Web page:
Write or Wrong? Bachi Karkaria on what we call news today

BombayWaali: Bachi Karkaria

They say she will sort you out. And she does. Veteran journalist Bachi Karkaria knows her words and her wit. In the changing scenario of social media, digital journalism and bite-sized news, she reflects on why we need to embrace this chaotic transformation of news. She has served as the editor of The Times of India and has even been a recipient of the US-based Mary Morgan-Hewitt Award for Lifetime Achievement. Her work and wit attracts not just her generation of readers but also the youngsters of today, who showed up to listen to her journalist at the SheThePeople concept event.

Reflections on journalism of today

Talking of digital and social media, she is optimistic that the more formats are broken down, the more opportunities will emerge to experiment with news. Today large number of websites creating content for millennials are attracting new kind of audiences that would otherwise not take to traditional forms of news such as print. These are packaging news in a more bite-size, snappy and fun way. “The audience ultimately decides what material it wants to read and if they approve of such pattern or format of news, then we have to accept it and move on.” Irked by the Breaking News phenomenon on television, she regrets that when news actually breaks we may end up paying less attention.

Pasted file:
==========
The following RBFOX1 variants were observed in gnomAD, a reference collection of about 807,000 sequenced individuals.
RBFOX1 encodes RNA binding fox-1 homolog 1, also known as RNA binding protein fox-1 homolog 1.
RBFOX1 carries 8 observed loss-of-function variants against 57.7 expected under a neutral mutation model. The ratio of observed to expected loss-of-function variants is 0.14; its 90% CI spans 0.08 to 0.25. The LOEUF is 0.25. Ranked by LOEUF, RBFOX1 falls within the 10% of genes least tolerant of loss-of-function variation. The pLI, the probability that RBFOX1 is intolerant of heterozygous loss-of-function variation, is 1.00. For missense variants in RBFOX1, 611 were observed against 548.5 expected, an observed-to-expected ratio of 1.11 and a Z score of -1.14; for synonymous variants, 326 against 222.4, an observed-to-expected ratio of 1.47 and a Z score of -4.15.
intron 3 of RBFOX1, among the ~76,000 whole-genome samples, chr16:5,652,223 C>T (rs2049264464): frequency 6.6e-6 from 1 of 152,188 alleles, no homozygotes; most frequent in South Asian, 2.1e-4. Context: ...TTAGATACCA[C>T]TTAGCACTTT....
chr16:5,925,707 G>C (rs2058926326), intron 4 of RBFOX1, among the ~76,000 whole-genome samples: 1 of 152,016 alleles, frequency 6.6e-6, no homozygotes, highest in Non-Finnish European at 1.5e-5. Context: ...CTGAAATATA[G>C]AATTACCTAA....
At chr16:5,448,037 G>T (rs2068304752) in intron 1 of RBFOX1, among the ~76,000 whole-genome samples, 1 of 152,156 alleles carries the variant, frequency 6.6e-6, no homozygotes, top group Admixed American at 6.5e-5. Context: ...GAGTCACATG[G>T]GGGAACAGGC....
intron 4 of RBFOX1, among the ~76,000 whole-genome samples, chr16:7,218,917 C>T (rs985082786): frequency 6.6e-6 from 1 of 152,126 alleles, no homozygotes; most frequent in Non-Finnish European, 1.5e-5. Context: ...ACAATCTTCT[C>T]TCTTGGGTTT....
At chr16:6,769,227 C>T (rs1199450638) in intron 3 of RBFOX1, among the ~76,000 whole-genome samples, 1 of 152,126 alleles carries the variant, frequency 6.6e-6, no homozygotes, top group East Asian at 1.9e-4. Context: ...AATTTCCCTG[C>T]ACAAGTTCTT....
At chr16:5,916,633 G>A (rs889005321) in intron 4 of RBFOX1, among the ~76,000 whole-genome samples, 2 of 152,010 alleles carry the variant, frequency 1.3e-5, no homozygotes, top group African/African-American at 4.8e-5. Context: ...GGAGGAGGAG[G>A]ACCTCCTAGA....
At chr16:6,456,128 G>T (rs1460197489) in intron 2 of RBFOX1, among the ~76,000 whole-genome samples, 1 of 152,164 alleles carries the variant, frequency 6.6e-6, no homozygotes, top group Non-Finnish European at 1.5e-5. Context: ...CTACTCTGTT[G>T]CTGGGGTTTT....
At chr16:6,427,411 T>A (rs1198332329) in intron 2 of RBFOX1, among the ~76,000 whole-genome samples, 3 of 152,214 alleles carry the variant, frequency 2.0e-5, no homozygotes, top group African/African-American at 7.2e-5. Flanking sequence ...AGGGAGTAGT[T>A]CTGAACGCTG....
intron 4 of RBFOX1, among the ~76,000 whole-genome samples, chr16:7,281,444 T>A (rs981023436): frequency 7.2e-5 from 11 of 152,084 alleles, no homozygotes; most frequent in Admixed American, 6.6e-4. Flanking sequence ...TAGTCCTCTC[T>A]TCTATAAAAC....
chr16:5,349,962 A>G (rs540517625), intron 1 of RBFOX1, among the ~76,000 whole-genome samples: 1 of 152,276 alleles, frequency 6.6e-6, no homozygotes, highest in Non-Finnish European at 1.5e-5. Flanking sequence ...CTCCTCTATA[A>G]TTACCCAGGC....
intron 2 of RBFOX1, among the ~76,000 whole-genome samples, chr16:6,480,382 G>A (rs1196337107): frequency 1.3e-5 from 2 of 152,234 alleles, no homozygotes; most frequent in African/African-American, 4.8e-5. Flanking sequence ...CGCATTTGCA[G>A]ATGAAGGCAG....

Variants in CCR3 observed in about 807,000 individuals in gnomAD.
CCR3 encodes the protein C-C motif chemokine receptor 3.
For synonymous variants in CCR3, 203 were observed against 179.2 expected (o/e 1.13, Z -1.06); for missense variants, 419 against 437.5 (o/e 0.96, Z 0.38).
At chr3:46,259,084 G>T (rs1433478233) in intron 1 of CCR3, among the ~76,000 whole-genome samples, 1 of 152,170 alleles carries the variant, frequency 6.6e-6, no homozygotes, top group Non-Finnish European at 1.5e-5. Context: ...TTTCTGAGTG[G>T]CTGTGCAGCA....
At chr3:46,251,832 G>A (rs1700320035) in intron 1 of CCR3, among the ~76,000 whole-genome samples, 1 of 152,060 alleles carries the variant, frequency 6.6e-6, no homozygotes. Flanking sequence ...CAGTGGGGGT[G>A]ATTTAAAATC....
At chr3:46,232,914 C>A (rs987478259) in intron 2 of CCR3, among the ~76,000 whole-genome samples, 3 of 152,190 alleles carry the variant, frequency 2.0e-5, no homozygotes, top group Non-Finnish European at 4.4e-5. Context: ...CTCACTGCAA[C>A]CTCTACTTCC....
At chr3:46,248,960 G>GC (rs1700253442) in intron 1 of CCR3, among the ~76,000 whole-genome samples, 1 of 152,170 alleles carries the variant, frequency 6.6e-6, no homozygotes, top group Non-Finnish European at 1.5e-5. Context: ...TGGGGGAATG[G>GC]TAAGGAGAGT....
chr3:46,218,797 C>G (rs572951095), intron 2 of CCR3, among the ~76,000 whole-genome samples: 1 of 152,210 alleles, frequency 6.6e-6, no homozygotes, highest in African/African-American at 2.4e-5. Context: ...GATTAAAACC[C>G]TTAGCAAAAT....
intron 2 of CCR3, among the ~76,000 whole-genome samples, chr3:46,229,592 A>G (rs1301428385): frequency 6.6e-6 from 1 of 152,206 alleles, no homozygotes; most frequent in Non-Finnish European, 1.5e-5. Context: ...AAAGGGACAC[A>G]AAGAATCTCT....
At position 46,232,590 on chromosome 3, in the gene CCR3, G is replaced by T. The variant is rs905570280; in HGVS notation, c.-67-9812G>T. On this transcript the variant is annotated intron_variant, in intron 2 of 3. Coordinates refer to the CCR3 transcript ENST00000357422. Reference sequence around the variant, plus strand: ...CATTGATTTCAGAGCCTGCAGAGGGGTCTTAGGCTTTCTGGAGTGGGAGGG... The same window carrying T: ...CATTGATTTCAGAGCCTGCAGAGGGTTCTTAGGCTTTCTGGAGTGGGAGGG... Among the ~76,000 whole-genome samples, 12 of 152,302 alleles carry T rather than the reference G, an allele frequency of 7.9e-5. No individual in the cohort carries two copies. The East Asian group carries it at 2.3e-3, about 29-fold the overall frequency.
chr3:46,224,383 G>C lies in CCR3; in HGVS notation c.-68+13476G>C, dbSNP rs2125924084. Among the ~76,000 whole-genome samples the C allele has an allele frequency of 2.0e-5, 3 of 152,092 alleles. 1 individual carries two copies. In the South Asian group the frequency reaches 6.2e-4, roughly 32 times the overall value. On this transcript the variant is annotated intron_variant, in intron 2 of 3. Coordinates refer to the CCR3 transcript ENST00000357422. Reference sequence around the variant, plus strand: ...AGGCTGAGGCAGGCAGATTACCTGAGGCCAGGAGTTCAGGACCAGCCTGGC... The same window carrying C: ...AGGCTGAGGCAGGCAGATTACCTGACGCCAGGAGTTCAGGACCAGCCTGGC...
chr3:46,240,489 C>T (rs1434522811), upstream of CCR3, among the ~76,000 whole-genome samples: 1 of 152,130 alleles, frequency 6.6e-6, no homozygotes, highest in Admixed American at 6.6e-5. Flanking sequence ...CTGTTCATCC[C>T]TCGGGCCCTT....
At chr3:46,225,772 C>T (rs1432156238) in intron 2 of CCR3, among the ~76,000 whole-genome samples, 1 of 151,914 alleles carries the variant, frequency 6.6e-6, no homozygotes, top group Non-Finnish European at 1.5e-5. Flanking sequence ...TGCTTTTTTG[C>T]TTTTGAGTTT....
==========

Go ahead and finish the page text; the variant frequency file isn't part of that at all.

Bachi Karkaria on BombaywaliBachi is also quite impressed with the crowd sourcing of content. “Technology plays a major hand in this development, as without our smartphones, this wouldn’t be possible.”

Journalism came naturally to Bachi. Her grandfather Eduljee Kanga, had started a community newspaper called Navroz (New Dawn) in Kolkata in 1917.  The responsibility was later passed down to her father Navel Kanga and he especially chose a Gujarati bride to help him run the publication. Bachi’s mother later went on to becoming the editor of the newspaper.  She had experienced the hustle and bustle of the life since she was a child and it would be unnatural to have not followed the path of journalism.

She recalls the time when she started working with The Times of India, under the guidance of Khushwant Singh, who she calls her mentor. She took some bold steps in exploring journalism that might have been considered uncool but was hard hitting. AIDS/HIV was a beat she was at the top of and as she started reporting on girl child deaths, she is known to have been the person who coined the word foeticide.

Bachi conveys the importance of smaller stories we read today. Connecting the dots leading to a big story is what we should be aware of; an opening of a flyover may seem like a local story, until it directly affects the transportation that indirectly affects the economy of the country which is talked about in the Parliament. A saying in journalism that goes perfectly with that notion is: “Every time an editor puts his finger on the typewriter, he sits back to hear the clash of the government.”

“We have to choose our battles correctly.”, says Bachi, reminding us that making noise for the right causes will get us forward. As journalists, we have to be wise in choosing our issues and starting a debate that ignites change in the society. We cannot afford to sweep our stories under the carpet and expect to stay oblivious; it is our responsibility to portray the truth.

As very rightly said, “We don’t go into journalism to be popular. It is our job to seek the truth and put constant pressure on our leaders until we get answers.” -Helena Thomas